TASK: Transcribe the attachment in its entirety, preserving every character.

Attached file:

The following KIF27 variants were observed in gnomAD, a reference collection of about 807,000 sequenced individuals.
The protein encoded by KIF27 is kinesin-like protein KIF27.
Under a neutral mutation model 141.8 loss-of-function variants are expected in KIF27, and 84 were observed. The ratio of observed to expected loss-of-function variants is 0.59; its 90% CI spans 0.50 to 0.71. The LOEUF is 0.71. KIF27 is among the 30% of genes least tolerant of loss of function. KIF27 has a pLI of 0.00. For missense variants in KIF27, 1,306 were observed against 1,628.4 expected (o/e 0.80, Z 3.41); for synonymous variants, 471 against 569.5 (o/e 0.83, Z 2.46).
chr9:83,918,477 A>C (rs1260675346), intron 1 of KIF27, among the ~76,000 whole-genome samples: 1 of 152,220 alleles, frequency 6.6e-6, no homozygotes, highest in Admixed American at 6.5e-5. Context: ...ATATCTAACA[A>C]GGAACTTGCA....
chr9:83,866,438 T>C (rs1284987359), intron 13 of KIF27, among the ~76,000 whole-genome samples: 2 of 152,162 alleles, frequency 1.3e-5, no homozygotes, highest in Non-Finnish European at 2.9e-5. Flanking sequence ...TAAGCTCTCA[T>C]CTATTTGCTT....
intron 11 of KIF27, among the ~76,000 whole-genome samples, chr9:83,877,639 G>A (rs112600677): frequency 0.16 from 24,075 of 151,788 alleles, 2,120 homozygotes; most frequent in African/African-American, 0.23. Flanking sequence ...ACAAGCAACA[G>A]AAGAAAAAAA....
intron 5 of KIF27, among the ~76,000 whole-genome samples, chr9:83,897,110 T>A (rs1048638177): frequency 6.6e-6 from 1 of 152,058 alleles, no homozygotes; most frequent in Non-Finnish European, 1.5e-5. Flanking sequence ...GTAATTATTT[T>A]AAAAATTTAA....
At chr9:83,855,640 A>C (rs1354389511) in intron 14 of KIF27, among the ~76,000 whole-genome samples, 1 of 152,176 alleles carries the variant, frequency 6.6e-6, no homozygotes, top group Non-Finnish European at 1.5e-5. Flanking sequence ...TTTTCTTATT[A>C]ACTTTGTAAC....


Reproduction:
The following KIF27 variants were observed in gnomAD, a reference collection of about 807,000 sequenced individuals.
The protein encoded by KIF27 is kinesin-like protein KIF27.
Under a neutral mutation model 141.8 loss-of-function variants are expected in KIF27, and 84 were observed. The ratio of observed to expected loss-of-function variants is 0.59; its 90% CI spans 0.50 to 0.71. The LOEUF is 0.71. KIF27 is among the 30% of genes least tolerant of loss of function. KIF27 has a pLI of 0.00. For missense variants in KIF27, 1,306 were observed against 1,628.4 expected (o/e 0.80, Z 3.41); for synonymous variants, 471 against 569.5 (o/e 0.83, Z 2.46).
chr9:83,918,477 A>C (rs1260675346), intron 1 of KIF27, among the ~76,000 whole-genome samples: 1 of 152,220 alleles, frequency 6.6e-6, no homozygotes, highest in Admixed American at 6.5e-5. Context: ...ATATCTAACA[A>C]GGAACTTGCA....
chr9:83,866,438 T>C (rs1284987359), intron 13 of KIF27, among the ~76,000 whole-genome samples: 2 of 152,162 alleles, frequency 1.3e-5, no homozygotes, highest in Non-Finnish European at 2.9e-5. Flanking sequence ...TAAGCTCTCA[T>C]CTATTTGCTT....
intron 11 of KIF27, among the ~76,000 whole-genome samples, chr9:83,877,639 G>A (rs112600677): frequency 0.16 from 24,075 of 151,788 alleles, 2,120 homozygotes; most frequent in African/African-American, 0.23. Flanking sequence ...ACAAGCAACA[G>A]AAGAAAAAAA....
intron 5 of KIF27, among the ~76,000 whole-genome samples, chr9:83,897,110 T>A (rs1048638177): frequency 6.6e-6 from 1 of 152,058 alleles, no homozygotes; most frequent in Non-Finnish European, 1.5e-5. Flanking sequence ...GTAATTATTT[T>A]AAAAATTTAA....
At chr9:83,855,640 A>C (rs1354389511) in intron 14 of KIF27, among the ~76,000 whole-genome samples, 1 of 152,176 alleles carries the variant, frequency 6.6e-6, no homozygotes, top group Non-Finnish European at 1.5e-5. Flanking sequence ...TTTTCTTATT[A>C]ACTTTGTAAC....